Out on Maternity Leave
Diane Rapp CLE/EWR
Marche Johnson Cooper
How do you know if you have a Grievance?
First thing.....Did you contact your supervisor?
Did you get a resolution or compensation?
Do you still feel like you are being violated? If so, then you contact your Grievance Representative.
What is a Grievance?
The textbook definition of a grievance is the violation of the terms of a Contract or Interpretation or Application of a Contract. A grievance is more than likely a violation of an Employee's rights on the job, a right that is usually but not always defined by the contract.
A grievance may exist if the Company violates Federal, State, or Local laws, and / or rules and regulations prescribed by such organizations
A violation of "past practice" may be also a grievance. Past practice is roughly defined as a practice that has been repeated over a period of time. It is not something that has happened once or twice or that has been in place for a week. It is a practice that has been going on for enough time, and so frequently, that it appears to a reasonable person, that both sides have agreed informally to conduct their business in this manner.
For purposes here, most grievances usually fall into one of two general categories; "Work Rule" and "Contractual" grievances or "Disciplinary" grievances.
An example of a work rule grievance could be a situation where a Flight Attendant is required to be on duty longer than the contract allows.
Disciplinary grievances are those where the Union can challenge certain rules or their application when a Flight Attendant is given an unjust or unwarranted step of discipline, or perhaps the Company does not follow the steps of progressive discipline as defined in our contract. We may argue that a member is being disciplined without "just cause" or that he or she is suffering from "disparate treatment." The two expressions are simply an arbitrator's way of saying that the Flight Attendant is being disciplined unfairly.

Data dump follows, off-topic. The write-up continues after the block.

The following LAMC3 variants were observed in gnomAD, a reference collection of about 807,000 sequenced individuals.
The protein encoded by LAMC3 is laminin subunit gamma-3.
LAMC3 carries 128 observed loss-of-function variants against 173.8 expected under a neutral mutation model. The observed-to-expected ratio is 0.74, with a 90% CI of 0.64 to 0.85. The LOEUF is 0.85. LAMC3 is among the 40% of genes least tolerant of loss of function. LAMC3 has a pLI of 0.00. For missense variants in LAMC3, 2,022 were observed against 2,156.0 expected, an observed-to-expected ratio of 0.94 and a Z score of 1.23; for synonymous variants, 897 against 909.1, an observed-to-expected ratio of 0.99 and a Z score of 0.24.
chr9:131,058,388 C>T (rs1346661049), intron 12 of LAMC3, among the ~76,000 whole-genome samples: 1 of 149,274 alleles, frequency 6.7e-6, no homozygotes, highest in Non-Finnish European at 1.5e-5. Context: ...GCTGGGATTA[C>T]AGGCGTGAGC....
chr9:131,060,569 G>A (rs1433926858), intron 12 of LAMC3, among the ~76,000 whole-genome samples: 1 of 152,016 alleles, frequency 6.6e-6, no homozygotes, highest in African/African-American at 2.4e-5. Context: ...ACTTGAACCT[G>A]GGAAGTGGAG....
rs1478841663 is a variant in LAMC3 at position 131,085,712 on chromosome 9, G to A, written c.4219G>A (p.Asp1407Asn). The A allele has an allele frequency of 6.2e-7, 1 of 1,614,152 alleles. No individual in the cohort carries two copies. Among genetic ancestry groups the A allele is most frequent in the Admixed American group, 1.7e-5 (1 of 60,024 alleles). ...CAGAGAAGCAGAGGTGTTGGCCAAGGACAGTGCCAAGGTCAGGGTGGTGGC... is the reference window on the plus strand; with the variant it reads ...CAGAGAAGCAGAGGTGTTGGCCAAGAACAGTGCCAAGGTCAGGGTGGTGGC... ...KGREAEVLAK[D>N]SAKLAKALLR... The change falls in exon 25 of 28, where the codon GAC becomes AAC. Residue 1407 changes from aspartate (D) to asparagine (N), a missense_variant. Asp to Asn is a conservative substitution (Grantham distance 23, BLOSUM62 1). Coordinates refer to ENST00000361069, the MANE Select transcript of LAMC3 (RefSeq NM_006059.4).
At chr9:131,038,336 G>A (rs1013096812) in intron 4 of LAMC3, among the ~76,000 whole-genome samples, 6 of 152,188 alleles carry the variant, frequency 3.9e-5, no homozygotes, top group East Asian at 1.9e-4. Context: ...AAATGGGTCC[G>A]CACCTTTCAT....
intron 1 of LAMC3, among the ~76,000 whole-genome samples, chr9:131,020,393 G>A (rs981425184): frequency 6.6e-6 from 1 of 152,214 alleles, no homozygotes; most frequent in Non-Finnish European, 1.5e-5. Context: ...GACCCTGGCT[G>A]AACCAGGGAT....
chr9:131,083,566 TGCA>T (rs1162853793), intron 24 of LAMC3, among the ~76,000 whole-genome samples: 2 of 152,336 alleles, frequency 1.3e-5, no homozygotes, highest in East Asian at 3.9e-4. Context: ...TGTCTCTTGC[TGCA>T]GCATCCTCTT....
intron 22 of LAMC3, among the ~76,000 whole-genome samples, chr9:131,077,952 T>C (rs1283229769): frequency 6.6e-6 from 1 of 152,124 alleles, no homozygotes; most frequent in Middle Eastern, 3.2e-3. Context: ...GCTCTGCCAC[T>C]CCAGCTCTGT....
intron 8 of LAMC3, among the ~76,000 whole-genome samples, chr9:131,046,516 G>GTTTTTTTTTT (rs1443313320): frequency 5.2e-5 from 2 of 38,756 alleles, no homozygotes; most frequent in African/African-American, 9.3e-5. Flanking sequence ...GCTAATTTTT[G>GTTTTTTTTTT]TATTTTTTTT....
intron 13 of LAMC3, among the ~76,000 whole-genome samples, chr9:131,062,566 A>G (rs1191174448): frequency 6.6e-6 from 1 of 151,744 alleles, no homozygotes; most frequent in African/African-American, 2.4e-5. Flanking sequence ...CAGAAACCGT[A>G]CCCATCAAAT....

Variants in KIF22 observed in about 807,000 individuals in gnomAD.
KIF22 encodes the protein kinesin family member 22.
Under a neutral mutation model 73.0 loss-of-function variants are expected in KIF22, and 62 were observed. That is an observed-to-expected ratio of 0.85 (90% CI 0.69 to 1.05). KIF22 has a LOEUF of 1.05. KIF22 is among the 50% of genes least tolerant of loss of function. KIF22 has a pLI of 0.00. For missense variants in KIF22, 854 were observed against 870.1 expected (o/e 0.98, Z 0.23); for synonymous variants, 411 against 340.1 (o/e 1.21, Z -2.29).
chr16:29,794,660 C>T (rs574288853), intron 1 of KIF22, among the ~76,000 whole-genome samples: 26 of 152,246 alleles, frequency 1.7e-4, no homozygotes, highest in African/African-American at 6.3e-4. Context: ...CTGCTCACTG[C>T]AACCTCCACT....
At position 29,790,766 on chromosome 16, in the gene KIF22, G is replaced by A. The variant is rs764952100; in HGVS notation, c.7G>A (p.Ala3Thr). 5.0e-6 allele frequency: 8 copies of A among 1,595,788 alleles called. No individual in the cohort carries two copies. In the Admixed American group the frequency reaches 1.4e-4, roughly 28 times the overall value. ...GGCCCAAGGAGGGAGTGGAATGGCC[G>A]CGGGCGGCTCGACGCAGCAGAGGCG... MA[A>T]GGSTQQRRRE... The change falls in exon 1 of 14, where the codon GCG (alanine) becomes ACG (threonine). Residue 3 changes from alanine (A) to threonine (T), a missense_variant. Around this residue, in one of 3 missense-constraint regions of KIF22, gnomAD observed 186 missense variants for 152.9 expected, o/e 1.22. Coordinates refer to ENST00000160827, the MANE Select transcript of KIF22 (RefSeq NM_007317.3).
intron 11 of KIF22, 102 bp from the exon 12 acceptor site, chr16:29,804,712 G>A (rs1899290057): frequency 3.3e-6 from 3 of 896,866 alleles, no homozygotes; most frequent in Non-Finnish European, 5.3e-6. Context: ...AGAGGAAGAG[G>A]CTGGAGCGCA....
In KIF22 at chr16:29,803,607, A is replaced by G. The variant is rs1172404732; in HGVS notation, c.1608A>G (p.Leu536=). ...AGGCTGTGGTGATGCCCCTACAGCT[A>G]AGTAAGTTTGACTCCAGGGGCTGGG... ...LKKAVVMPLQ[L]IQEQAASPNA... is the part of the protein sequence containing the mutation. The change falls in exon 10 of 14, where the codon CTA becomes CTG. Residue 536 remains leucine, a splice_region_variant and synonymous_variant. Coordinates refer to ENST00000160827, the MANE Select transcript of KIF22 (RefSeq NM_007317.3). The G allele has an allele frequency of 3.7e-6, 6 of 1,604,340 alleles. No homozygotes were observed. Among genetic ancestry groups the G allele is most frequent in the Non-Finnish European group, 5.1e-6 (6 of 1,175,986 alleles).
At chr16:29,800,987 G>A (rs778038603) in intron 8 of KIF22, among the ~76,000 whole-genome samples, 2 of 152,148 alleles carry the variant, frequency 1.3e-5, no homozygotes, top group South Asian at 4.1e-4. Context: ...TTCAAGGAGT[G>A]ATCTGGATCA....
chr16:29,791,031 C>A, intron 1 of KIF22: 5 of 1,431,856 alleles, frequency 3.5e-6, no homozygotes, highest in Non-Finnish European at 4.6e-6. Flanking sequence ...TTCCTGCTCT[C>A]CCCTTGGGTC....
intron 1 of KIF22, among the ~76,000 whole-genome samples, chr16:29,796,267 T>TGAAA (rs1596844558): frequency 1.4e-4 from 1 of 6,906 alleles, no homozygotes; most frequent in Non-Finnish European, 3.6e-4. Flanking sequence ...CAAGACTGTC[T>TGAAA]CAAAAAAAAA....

How Do I Know if I Have A Valid Grievance?
First, it is important to know what your rights are. Your contract provides for work rule, pay and quality of life guarantees. Many grievance-related questions can be answered by reading and understanding your contract. If you do not have a copy of your contract, get one from your Union Representatives, The full ExpressJet and CommutAir contract are available on this web site and applicable sections can be printed out, but it is always advisable to carry your contract with you while flying or on Airport Alert. Spend the time to become familiar with, and knowledgeable about your contract. Knowing your contractual rights can prevent a situation from becoming a grievance in the first place.
If you now feel that you have a valid grievance, OR if you are being called to meet with your Supervisor and that meeting may result in discipline of any type, call your Grievance Chairperson to discuss the situation and receive assistance.
Okay, I have a grievance. What do I do now?
The first step is to contact your Local Lodge Grievance Representatives.
Your grievance rep will assess your situation and provide assistance and representation throughout the grievance process. Time awareness is important, because grievances "must be filed within thirty (30) days of the date the employee knew or could reasonable be expected to have known of the grievance." Please don't delay in contacting your Grievance Representative.
What is a Step 1 Grievance?
At this point your grievance is a Step 1 Grievance (or, is at the "Step 1 Level"). Your Grievance Chairperson then sets a hearing date with the designated Company Representative to hear your Step 1 Grievance. You may or may not be needed at that meeting, depending on the nature of the grievance. Grievance hearings are not held every day, but you can expect your grievance to be "heard" within a timely manner.